Author Summary

          Severity of toxoplasmosis, a water-borne zoonosis, varies widely from chronic and benign to acutely fatal. Here, we investigate polyparasitism (infection with multiple parasite species) as one factor governing the spectrum of disease in Toxoplasma gondii infections. This study utilized wild marine mammals as sentinels to detect contamination of waterways by T. gondii and a similar protozoan, Sarcocystis neurona, which have been linked to water-borne outbreaks in humans and wildlife along North America's Pacific Coast. Using genetic tools, we found high rates of protozoal infection, predominantly concomitant infections, in animals inhabiting major waterways of the Pacific Northwest. These dual infections of T. gondii and S. neurona were more frequently associated with mortality and protozoal encephalitis than single infections, indicating a role for polyparasitism in disease severity. Finally, rare T. gondii genotypes linked to a major human outbreak in the Pacific Northwest were abundant in marine mammals of the region, emphasizing wildlife as relevant sentinels for evaluation of human health risks. Our data implicate polyparasitism as a critical factor associated with the severity of protozoal disease. We also identify the need for vigilant surveillance of public waterways to prevent fecal contamination recurrently threatening human and wildlife health along the Pacific coast.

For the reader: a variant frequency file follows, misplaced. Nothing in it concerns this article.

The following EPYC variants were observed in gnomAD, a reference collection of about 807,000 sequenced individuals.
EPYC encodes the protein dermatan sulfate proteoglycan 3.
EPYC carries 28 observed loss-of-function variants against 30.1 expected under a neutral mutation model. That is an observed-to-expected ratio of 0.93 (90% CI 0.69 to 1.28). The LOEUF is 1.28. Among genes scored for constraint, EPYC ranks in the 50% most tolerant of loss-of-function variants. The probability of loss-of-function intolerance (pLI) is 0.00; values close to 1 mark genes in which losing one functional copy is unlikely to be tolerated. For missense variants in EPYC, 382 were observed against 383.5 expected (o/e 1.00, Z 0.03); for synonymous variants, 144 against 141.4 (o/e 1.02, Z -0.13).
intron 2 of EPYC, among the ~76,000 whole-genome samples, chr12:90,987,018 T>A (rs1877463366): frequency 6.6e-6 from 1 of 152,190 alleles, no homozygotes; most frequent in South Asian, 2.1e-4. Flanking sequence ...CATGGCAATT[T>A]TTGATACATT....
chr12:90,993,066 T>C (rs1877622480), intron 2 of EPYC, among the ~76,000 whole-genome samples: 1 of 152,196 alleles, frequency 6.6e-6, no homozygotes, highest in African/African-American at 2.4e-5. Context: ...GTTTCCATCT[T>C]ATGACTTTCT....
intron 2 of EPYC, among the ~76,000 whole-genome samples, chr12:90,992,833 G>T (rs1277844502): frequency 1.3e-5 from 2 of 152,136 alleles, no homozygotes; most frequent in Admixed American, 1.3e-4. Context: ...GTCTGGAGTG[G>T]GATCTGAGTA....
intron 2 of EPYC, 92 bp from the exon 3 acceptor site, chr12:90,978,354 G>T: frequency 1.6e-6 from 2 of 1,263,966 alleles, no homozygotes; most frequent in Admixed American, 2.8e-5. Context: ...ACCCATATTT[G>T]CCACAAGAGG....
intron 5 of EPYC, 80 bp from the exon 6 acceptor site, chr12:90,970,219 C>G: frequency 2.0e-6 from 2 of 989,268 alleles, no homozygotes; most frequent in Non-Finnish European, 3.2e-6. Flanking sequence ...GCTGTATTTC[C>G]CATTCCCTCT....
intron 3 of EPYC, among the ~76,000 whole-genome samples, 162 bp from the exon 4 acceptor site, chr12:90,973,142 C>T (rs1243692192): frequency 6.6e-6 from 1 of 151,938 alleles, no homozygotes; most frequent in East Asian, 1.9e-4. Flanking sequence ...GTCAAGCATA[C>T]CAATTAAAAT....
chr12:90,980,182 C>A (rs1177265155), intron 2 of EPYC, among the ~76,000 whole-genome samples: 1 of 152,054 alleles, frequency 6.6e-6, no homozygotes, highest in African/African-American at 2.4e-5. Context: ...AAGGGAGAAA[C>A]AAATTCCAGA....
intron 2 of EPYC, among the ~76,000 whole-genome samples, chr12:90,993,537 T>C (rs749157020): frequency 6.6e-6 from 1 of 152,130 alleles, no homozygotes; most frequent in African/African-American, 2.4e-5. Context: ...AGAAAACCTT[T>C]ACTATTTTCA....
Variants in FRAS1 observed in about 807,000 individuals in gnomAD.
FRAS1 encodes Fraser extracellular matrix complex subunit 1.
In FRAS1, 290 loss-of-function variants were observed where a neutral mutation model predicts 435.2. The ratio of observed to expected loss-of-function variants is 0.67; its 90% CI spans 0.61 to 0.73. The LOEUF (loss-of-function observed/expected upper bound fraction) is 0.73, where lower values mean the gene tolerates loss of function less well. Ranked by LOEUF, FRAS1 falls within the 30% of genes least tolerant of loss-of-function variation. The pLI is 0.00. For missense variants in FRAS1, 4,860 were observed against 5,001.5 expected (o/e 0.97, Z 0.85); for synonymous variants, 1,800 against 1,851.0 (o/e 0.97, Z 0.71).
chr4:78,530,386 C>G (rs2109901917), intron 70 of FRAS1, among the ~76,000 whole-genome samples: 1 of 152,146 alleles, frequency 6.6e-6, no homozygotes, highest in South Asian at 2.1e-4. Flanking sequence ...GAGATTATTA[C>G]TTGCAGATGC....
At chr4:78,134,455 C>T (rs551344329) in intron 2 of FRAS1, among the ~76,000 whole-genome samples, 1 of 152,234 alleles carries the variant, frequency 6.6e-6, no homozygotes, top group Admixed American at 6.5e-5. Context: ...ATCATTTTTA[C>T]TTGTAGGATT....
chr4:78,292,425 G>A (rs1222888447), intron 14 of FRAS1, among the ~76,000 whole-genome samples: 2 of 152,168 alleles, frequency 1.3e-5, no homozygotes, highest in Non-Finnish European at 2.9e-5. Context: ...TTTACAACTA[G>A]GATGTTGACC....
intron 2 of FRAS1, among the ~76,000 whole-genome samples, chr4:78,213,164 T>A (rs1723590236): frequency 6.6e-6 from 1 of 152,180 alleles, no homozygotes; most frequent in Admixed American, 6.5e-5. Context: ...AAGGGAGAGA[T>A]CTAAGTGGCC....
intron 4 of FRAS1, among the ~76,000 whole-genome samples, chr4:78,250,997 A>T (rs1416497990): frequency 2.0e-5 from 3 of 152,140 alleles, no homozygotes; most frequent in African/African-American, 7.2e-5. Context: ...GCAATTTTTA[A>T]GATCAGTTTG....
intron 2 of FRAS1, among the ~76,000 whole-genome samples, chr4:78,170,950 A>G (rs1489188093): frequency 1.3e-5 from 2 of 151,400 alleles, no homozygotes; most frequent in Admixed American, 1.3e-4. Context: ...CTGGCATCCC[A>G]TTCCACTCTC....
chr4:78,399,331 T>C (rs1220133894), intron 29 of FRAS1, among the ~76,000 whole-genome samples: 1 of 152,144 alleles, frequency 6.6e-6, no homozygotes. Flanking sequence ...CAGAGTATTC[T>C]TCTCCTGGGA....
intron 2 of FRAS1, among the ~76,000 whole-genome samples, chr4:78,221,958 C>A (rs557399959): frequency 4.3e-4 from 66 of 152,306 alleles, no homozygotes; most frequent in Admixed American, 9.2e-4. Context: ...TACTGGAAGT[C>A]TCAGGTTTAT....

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          A cladistic analysis of phenotypic associations with haplotypes inferred from restriction endonuclease mapping and DNA sequence data. III. Cladogram estimation.